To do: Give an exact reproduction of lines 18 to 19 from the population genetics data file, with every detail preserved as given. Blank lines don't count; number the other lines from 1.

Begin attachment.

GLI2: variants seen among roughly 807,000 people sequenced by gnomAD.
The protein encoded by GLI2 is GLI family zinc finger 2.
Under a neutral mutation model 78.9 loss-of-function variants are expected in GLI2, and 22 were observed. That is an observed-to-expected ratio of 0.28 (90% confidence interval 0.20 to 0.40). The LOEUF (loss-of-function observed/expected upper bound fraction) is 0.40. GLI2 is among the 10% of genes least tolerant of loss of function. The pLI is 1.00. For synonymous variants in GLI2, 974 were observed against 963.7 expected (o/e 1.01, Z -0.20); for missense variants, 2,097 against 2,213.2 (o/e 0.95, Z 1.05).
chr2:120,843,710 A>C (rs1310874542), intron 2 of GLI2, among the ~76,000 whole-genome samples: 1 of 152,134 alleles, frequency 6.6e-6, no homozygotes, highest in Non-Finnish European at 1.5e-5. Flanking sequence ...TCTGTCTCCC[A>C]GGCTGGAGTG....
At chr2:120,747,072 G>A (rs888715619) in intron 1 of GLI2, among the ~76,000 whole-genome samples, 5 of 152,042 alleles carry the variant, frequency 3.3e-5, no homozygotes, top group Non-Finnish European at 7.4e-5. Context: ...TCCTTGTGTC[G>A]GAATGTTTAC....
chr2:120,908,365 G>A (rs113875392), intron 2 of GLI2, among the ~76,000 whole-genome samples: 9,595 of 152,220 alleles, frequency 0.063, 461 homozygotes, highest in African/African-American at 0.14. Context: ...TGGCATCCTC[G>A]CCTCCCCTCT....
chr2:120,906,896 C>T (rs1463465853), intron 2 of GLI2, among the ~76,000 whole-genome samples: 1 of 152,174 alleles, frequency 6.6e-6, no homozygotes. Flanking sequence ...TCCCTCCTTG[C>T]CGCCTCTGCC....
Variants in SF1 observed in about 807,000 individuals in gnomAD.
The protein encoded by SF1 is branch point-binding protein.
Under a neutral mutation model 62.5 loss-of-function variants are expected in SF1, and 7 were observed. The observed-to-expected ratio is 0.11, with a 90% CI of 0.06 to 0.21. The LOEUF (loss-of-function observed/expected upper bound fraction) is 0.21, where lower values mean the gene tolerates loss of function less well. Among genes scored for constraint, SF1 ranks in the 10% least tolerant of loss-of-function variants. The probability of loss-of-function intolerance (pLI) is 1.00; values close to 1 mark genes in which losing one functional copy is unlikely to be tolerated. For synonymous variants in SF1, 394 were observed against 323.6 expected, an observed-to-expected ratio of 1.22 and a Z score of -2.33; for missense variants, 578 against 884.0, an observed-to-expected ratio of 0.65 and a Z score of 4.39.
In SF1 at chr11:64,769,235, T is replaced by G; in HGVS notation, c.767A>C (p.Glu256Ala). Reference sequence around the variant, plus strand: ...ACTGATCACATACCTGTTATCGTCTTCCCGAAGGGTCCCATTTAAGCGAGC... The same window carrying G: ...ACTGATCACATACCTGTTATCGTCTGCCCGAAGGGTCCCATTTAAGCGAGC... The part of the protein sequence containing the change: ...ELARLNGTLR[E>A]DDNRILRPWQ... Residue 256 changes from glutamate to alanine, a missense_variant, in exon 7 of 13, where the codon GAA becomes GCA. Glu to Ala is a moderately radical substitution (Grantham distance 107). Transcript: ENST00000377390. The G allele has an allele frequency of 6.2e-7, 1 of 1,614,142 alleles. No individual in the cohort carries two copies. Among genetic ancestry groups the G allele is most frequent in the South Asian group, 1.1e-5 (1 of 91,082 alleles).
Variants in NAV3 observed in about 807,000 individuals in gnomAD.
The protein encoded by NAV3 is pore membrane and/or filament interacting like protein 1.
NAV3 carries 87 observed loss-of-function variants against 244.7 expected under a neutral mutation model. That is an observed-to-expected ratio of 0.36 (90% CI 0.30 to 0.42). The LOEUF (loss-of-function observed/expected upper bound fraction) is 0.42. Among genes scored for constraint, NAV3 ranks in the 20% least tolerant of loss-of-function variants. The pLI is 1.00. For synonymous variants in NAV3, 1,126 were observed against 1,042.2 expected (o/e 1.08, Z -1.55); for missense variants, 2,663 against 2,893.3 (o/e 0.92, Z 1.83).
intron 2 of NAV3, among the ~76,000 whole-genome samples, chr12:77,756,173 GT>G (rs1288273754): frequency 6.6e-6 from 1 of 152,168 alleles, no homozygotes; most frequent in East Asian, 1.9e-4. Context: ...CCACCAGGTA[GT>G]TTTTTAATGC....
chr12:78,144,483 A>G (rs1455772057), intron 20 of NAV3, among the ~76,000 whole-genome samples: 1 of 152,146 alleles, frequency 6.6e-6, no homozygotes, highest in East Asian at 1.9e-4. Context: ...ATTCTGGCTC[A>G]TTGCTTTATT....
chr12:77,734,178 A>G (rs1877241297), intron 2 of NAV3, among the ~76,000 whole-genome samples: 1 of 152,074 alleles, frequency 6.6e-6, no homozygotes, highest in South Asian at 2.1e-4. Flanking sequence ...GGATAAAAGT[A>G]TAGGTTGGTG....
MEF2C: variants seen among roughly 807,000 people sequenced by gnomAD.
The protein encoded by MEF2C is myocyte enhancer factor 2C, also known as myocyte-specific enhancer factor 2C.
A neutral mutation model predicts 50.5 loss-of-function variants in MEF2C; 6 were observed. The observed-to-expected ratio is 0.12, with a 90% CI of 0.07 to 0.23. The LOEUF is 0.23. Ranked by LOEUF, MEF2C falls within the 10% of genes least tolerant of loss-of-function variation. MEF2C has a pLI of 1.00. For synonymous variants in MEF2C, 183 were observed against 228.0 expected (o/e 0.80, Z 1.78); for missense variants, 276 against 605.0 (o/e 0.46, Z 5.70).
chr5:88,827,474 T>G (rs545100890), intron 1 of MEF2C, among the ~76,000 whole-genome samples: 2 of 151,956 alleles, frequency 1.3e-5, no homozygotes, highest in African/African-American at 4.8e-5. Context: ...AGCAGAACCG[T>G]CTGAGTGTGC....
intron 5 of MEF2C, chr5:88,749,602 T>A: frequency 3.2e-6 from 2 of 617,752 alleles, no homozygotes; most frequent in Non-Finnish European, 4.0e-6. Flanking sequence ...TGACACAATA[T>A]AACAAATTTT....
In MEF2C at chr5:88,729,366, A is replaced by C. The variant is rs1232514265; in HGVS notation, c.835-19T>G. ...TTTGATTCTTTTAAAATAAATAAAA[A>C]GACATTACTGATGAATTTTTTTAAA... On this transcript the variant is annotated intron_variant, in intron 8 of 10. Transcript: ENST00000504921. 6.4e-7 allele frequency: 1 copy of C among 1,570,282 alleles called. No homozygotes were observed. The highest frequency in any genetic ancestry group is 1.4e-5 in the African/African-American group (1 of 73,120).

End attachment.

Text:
MEF2C: variants seen among roughly 807,000 people sequenced by gnomAD.
The protein encoded by MEF2C is myocyte enhancer factor 2C, also known as myocyte-specific enhancer factor 2C.